Renault and Powervault have formed a fresh partnership for reuse of electric vehicle (EV) batteries in home energy storage units. The collaboration will cut costs considerably — Renault reports the partnership will reduce the cost of a Powervault smart battery unit by 30%. That’s a tidy sum that might propel Powervault and home energy storage ahead with no turning back — to the tipping point of a mass-market rollout of home energy storage in the UK. We’ll see.
The trial will explore the technical performance of second-life batteries: “Powervault is placing 50 trial units, powered by second-life batteries provided by Renault, in the homes of customers who already have solar panels installed.” The trial seeks to understand the customer reaction to home energy storage to develop a rollout strategy for the mass market.
Typically, the batteries used in electric vehicles are believed to have a “useful lifetime” of 8 to 10 years in the vehicles. “Within a Powervault home battery system, Renault batteries are estimated to have up to 10 years of additional useful life. Second life battery packs are removed from the electric vehicles, unpacked and graded before Powervault make them into smaller battery packs for their application. The trial will be run with eligible customers of M&S Energy, plus social housing tenants and schools in the South East.”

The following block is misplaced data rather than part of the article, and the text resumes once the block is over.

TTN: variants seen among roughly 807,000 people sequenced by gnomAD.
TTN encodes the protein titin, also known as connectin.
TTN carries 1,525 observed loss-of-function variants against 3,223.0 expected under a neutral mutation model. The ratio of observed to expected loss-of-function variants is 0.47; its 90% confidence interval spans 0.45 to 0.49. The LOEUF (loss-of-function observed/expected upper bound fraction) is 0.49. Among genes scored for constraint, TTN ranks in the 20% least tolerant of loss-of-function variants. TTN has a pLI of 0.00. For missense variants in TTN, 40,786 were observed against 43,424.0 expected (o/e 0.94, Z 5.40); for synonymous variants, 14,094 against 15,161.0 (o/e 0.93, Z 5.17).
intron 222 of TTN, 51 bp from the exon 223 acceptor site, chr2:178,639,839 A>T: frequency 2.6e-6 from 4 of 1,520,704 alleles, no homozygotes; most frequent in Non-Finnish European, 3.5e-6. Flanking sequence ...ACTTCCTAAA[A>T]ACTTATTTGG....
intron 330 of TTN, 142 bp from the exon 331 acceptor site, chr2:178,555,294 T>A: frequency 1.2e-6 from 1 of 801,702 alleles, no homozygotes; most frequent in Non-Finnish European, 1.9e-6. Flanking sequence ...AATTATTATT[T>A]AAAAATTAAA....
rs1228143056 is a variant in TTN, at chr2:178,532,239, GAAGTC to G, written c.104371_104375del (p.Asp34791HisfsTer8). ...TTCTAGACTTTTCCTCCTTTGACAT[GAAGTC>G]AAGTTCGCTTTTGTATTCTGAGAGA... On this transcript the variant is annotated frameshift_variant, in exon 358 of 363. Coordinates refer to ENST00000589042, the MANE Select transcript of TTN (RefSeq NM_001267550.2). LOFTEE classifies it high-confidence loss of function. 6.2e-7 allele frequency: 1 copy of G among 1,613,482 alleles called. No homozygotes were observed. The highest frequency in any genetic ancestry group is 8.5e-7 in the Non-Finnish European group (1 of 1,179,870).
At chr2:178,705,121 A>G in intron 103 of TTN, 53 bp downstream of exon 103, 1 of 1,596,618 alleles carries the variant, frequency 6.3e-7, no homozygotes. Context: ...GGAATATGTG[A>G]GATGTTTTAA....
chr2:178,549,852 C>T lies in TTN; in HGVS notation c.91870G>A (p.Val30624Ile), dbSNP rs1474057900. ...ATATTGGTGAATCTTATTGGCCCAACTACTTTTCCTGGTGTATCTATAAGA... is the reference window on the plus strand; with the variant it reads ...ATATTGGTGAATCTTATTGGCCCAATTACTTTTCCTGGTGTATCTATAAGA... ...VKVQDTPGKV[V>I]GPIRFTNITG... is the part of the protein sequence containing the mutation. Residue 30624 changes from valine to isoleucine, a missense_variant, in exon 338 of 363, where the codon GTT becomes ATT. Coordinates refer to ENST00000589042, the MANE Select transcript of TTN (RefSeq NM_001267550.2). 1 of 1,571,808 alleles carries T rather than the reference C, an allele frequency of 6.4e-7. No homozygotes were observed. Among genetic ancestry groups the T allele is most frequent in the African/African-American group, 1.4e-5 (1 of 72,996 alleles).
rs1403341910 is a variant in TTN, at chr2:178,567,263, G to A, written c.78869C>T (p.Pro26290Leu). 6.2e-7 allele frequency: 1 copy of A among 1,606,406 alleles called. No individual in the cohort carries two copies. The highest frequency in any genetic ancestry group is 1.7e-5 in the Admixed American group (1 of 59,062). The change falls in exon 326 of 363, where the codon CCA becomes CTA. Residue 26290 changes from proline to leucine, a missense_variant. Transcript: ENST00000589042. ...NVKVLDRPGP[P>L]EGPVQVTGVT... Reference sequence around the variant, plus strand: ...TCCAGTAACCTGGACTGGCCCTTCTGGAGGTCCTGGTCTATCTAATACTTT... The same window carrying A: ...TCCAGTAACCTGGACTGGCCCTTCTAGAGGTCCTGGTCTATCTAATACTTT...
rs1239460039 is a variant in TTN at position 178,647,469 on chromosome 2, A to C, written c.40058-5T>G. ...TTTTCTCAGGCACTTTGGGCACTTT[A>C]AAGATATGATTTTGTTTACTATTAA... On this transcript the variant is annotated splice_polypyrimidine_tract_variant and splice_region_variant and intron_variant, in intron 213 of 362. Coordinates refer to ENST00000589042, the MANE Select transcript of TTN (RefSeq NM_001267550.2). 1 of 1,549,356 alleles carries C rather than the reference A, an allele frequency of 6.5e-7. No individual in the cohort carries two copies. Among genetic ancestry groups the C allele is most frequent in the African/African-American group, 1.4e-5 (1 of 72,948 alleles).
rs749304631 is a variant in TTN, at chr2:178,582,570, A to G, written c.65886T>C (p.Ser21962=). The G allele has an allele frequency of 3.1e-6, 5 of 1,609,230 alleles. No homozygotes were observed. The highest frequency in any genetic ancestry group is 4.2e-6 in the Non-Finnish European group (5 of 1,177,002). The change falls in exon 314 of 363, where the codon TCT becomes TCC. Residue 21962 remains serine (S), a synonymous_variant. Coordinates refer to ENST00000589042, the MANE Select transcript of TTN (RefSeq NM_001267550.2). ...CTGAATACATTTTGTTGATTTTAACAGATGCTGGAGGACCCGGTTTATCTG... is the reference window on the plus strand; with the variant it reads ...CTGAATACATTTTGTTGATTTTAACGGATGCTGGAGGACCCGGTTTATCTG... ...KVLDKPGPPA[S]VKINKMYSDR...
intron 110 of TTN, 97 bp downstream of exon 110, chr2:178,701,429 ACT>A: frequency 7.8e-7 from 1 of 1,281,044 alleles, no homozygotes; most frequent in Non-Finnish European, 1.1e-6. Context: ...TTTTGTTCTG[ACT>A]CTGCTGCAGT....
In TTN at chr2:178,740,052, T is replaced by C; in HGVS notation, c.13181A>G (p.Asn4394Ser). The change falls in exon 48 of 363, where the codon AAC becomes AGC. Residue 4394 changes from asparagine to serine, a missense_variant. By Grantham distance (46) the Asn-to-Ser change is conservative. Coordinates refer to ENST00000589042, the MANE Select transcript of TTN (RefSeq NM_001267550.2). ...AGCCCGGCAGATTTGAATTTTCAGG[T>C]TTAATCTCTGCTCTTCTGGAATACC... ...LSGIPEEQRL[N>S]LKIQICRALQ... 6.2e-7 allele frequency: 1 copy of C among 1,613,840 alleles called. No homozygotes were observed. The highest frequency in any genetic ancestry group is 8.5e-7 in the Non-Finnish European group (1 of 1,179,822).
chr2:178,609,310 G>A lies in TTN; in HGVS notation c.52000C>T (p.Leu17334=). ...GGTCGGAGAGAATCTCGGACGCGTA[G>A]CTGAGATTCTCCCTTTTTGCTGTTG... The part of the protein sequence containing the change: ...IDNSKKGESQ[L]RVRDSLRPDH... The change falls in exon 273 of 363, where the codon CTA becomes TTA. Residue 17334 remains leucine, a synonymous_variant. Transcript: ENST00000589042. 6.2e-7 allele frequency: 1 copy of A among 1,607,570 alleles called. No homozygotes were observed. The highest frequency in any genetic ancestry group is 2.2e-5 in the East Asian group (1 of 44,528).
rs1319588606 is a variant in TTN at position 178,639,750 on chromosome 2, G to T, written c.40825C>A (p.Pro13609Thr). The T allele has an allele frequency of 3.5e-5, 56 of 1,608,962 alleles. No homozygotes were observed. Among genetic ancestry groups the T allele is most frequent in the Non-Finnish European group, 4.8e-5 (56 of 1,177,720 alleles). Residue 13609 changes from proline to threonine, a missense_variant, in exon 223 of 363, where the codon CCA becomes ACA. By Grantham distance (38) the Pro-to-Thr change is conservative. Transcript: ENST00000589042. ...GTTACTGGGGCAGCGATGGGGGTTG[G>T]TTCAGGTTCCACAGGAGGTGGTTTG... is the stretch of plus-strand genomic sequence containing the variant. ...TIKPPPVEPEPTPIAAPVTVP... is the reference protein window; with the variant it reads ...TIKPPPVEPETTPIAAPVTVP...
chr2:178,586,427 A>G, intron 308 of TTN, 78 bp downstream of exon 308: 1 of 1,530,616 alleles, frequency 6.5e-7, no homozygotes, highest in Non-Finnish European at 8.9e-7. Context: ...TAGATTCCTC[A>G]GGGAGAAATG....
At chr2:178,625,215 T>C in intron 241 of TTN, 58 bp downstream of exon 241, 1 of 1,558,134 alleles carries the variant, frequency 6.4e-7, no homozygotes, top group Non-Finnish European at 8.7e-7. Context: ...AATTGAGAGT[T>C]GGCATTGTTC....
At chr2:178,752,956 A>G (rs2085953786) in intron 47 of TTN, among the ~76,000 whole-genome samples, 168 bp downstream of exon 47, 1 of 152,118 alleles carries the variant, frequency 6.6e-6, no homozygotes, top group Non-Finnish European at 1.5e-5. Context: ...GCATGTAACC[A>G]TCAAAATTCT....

Renault and Powervault — unlike Tesla CTO JB Straubel — seem convinced this is the way forward to make home energy storage cost competitive and widely adopted. Joe Warren, Managing Director of Powervault, said: “It’s only a matter of time before a Powervault becomes as common in [UK] households as a dishwasher.”
Renault, which also presumably looks to make more money off of its EV cars/batteries, provides more in its press release: “Powervault is an innovative home battery system, which enables homeowners to live smarter by increasing their ability to store and use the solar energy freely-generated from their own solar panels. Powervault units can also automatically charge using low-cost, off-peak energy from the grid. The Powervault system sits at the heart of the smart home and the optimization of energy usage within it. As well as reducing the cost of production of a Powervault, the use of second life batteries will also optimize the life-cycle of the Renault batteries before they are recycled.”
Renault’s reuse of EV batteries (before recycling) is also possibly a boon for the Renault EV drivers if it helps Renault to lower the cost of its EVs.
Nicolas Schottey, Program Director, EV batteries and infrastructures at Renault, said: “Thanks to this home energy storage partnership with Powervault, Renault is adding a new element into its global strategy for second life batteries, which already covers a large number of usages from industrial to residential building and districts.”
The Powervault + Renault trial starts next month, July 2017, and goes for 1 full year (12 months).
Jonathan Hazeldine, Head of M&S Energy, comments: “With the Powervault trial, we now have a great opportunity to help our customers reduce their impact, and ultimately their energy bills, by understanding how we can make smart energy storage work for them.”
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